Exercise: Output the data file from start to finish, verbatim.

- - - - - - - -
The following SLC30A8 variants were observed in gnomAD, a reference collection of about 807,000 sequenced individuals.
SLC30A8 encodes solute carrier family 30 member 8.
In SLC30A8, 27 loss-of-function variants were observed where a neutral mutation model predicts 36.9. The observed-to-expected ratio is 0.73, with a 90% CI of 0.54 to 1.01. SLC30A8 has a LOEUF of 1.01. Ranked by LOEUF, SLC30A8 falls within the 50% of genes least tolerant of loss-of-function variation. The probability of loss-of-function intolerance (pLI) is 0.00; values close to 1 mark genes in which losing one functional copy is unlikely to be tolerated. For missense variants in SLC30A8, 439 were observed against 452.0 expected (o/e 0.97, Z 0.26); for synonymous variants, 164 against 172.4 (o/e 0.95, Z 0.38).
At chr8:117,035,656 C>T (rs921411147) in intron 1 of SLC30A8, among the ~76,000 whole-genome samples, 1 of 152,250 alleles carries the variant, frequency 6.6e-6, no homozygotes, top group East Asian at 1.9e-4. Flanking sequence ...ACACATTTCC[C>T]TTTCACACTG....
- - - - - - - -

The following SLC30A8 variants were observed in gnomAD, a reference collection of about 807,000 sequenced individuals.
SLC30A8 encodes solute carrier family 30 member 8.
In SLC30A8, 27 loss-of-function variants were observed where a neutral mutation model predicts 36.9. The observed-to-expected ratio is 0.73, with a 90% CI of 0.54 to 1.01. SLC30A8 has a LOEUF of 1.01. Ranked by LOEUF, SLC30A8 falls within the 50% of genes least tolerant of loss-of-function variation. The probability of loss-of-function intolerance (pLI) is 0.00; values close to 1 mark genes in which losing one functional copy is unlikely to be tolerated. For missense variants in SLC30A8, 439 were observed against 452.0 expected (o/e 0.97, Z 0.26); for synonymous variants, 164 against 172.4 (o/e 0.95, Z 0.38).
At chr8:117,035,656 C>T (rs921411147) in intron 1 of SLC30A8, among the ~76,000 whole-genome samples, 1 of 152,250 alleles carries the variant, frequency 6.6e-6, no homozygotes, top group East Asian at 1.9e-4. Flanking sequence ...ACACATTTCC[C>T]TTTCACACTG....